Kenyan Farmer Groups

April 20, 2019 Scott Fletcher Bowlsby

Farmer groups were developed by the Kenyan Government to share new technologies with farmers, to establish common goals and agricultural strategies, and to encourage interaction and sharing of knowledge, resources, and experiences.

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Problems and Purpose 

Farmer Groups were adopted by the current Kenyan Government to maximize the efficiency of its agricultural production by spreading newly developed technologies to farmers as well as setting up common goals and developing new strategies. In recent years, private sectors, NGOs and NPOs have been increasing their involvement in the Farmer-Group Approach. Maximizing the agricultural outputs is very important in Kenya because the economy, its development and the GDP of Kenya heavily rely on its agricultural outputs. As a part of the agricultural extension services, the Government created the National Agricultural Extension Policy (NASEP). The Governmental branch since the late 1990’s has encouraged farmers to interact with each other while sharing knowledge, resources and experiences by using the Farmer-Group approach. An ideal farmer group would maintain the number of its members between twenty and thirty. Farmer groups have no facilitators or specific structure of how these meetings are supposed to be run. While not explicitly deliberative, the groups give participant-farmers more freedoms to speak out and share their knowledge, resources, and experiences.

Origins and Development

Independence from the Great Britain left then the newly born Kenya unable to function in many aspects including governance, politics, sociology, and more. Its economy was not an exception. The most apparent negative consequence of the British colonization was that the Economy of Kenya was left one dimensional. The agricultural production was practically the only thing Kenya could offer economically in the 1960’s. The lack of other economic means forced the Kenyan Government to rely on its agricultural outputs and as a method to maximize the outputs by incorporating newly developed technologies, they used baraza (in literal translation baraza means village gathering) to mobilize these agricultural communities. The main problem of these barazas was the fact that it was a complete top-down method. Baraza can trace its roots back to traditional tribal meetings in which tribal leaders would talk and common villagers (just men, women were often excluded) would just listen and follow whatever they were told. Now in these modern village gatherings called barazas, these old traditions continued. According to the observation notes provided by Dr. Catherine Wawasi Kitetu, on the average baraza lasted two to four hours and within these two to four hours, activities of extension officers who were like those tribal leaders consisted of talking, lecturing, describing and explaining while activities of farmers who could be seen as common villagers were listening and thanking.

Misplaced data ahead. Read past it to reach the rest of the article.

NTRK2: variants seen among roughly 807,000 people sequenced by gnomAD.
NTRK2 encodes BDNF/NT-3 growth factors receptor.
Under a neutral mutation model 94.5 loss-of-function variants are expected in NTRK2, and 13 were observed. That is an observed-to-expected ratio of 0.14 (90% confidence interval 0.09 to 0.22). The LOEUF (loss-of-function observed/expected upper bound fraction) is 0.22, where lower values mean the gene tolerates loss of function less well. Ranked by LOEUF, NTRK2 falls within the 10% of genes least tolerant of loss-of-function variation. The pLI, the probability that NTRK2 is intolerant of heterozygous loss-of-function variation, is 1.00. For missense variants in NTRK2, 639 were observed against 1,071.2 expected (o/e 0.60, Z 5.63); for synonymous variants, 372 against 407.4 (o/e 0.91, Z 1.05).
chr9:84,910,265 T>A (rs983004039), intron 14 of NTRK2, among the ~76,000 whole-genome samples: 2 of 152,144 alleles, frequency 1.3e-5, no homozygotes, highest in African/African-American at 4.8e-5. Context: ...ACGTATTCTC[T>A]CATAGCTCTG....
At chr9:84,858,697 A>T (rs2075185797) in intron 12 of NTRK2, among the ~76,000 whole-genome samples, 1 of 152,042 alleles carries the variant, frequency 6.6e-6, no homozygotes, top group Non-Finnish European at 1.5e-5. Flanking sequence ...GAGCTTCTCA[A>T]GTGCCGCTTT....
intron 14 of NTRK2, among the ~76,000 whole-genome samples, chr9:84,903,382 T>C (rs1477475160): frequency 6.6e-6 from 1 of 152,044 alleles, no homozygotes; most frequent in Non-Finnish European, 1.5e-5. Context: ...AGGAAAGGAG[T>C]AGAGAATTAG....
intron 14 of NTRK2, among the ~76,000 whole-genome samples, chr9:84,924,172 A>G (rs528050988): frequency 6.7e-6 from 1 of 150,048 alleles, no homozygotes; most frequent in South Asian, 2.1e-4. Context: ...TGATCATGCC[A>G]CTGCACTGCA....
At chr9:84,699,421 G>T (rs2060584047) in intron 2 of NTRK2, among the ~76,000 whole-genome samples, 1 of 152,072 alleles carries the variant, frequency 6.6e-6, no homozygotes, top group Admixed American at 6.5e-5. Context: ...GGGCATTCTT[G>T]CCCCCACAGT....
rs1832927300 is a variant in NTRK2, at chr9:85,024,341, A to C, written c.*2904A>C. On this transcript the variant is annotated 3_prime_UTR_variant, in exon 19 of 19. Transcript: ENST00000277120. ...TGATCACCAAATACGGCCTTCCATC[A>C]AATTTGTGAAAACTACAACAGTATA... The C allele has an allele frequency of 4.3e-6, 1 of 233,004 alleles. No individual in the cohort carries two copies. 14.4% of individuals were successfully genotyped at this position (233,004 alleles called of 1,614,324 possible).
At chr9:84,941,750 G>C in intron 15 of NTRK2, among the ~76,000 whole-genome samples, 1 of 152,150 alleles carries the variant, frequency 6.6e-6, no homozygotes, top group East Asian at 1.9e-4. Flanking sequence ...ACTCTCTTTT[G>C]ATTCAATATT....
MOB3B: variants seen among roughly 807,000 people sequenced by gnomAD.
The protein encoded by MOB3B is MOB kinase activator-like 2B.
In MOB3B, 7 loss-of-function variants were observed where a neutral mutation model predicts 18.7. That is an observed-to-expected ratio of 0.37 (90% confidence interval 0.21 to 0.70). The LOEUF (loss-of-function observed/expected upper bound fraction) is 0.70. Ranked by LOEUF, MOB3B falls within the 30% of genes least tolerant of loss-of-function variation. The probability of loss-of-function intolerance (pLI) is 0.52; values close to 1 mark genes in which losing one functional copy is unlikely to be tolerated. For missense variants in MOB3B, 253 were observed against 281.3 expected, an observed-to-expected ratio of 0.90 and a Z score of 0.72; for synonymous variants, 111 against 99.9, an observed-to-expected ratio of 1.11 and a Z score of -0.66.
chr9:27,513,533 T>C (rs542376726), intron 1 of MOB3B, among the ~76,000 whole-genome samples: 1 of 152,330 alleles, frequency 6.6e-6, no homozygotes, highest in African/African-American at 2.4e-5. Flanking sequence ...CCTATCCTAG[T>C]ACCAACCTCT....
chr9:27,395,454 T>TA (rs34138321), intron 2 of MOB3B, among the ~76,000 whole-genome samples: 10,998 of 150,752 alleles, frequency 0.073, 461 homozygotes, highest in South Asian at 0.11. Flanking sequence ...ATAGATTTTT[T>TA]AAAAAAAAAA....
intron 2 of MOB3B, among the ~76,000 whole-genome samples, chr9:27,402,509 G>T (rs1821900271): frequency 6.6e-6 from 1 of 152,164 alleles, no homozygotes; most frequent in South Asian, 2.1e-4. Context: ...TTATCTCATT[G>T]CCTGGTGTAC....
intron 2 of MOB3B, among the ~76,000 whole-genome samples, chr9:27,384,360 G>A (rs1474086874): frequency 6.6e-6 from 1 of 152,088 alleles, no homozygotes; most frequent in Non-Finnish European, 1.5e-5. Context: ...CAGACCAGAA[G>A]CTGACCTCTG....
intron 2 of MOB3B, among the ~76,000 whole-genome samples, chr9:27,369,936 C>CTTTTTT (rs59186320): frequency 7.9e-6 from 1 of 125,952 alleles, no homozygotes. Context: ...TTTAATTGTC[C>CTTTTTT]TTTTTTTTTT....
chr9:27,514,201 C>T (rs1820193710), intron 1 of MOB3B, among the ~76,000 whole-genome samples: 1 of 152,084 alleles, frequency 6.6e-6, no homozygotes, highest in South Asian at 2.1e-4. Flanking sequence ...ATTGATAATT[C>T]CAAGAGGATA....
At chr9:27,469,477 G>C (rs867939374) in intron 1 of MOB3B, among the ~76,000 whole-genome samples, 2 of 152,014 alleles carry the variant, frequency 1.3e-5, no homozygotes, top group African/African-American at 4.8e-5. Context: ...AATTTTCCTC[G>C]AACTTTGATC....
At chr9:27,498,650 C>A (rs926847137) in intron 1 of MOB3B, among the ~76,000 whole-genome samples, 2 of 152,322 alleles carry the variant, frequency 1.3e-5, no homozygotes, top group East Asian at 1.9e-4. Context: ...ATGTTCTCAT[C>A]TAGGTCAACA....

Such a traditional top-down approach of community mobilizing did not meet the expectations previously set by the Kenyan Authorities. In next couple of decades, the Government would try other approaches to maximize the agricultural outputs by spreading new technologies and newly developed and improved agricultural methods.

Other problems also occurred as time went on. One of the more significant problems was the exclusion of female farmers in these baraza gatherings. Data has shown that the 75% of labour in the Kenyan agriculture was done by women and according to the report provided by Dr. Kitetu, only a handful of female farmers were observed by her at baraza.

Farmers groups were developed as a replacement to the Baraza system and other top-down methods. Farmers groups encouraged horizontal methods which encouraged individual farmers to come together to talk about problems and reach consensus, conclusions and solutions. Farmer groups are used to provide farmers in all of Kenya with updated technologies, information and methods. Extension officers are often present at these meetings to take notes of these meetings. These notes are presented to the government officials so that they could take these opinions in consideration when making policies.

Participant Recruitment and Selection

Participation is completely voluntary for farmer groups. While these group meetings are generally seen as beneficial, farmers have and do practice their rights whether to participate or not. Some farmer groups have set bars of membership requirements so that not all farmers could join the group.

How it Works: Process, Interaction, and Decision-Making